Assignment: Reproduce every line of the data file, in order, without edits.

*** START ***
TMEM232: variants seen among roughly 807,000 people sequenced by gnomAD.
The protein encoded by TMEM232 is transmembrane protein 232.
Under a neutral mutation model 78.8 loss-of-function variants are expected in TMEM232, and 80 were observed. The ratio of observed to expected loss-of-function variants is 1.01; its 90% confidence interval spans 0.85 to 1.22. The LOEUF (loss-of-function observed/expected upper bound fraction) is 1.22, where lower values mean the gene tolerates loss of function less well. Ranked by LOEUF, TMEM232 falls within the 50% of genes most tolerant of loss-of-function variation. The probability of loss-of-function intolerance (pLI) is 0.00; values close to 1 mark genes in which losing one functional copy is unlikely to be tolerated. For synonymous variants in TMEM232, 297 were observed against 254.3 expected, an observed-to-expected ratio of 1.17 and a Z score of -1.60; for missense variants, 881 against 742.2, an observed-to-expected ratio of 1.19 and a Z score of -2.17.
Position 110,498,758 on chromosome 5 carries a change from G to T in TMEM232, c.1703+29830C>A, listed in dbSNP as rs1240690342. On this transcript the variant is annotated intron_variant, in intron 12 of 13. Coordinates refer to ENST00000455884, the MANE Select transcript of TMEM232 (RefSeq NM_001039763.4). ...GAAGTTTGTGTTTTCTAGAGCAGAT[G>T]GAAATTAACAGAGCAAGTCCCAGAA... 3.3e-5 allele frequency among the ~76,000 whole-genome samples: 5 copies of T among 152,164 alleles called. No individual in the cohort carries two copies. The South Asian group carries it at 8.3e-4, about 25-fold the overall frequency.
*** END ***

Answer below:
TMEM232: variants seen among roughly 807,000 people sequenced by gnomAD.
The protein encoded by TMEM232 is transmembrane protein 232.
Under a neutral mutation model 78.8 loss-of-function variants are expected in TMEM232, and 80 were observed. The ratio of observed to expected loss-of-function variants is 1.01; its 90% confidence interval spans 0.85 to 1.22. The LOEUF (loss-of-function observed/expected upper bound fraction) is 1.22, where lower values mean the gene tolerates loss of function less well. Ranked by LOEUF, TMEM232 falls within the 50% of genes most tolerant of loss-of-function variation. The probability of loss-of-function intolerance (pLI) is 0.00; values close to 1 mark genes in which losing one functional copy is unlikely to be tolerated. For synonymous variants in TMEM232, 297 were observed against 254.3 expected, an observed-to-expected ratio of 1.17 and a Z score of -1.60; for missense variants, 881 against 742.2, an observed-to-expected ratio of 1.19 and a Z score of -2.17.
Position 110,498,758 on chromosome 5 carries a change from G to T in TMEM232, c.1703+29830C>A, listed in dbSNP as rs1240690342. On this transcript the variant is annotated intron_variant, in intron 12 of 13. Coordinates refer to ENST00000455884, the MANE Select transcript of TMEM232 (RefSeq NM_001039763.4). ...GAAGTTTGTGTTTTCTAGAGCAGAT[G>T]GAAATTAACAGAGCAAGTCCCAGAA... 3.3e-5 allele frequency among the ~76,000 whole-genome samples: 5 copies of T among 152,164 alleles called. No individual in the cohort carries two copies. The South Asian group carries it at 8.3e-4, about 25-fold the overall frequency.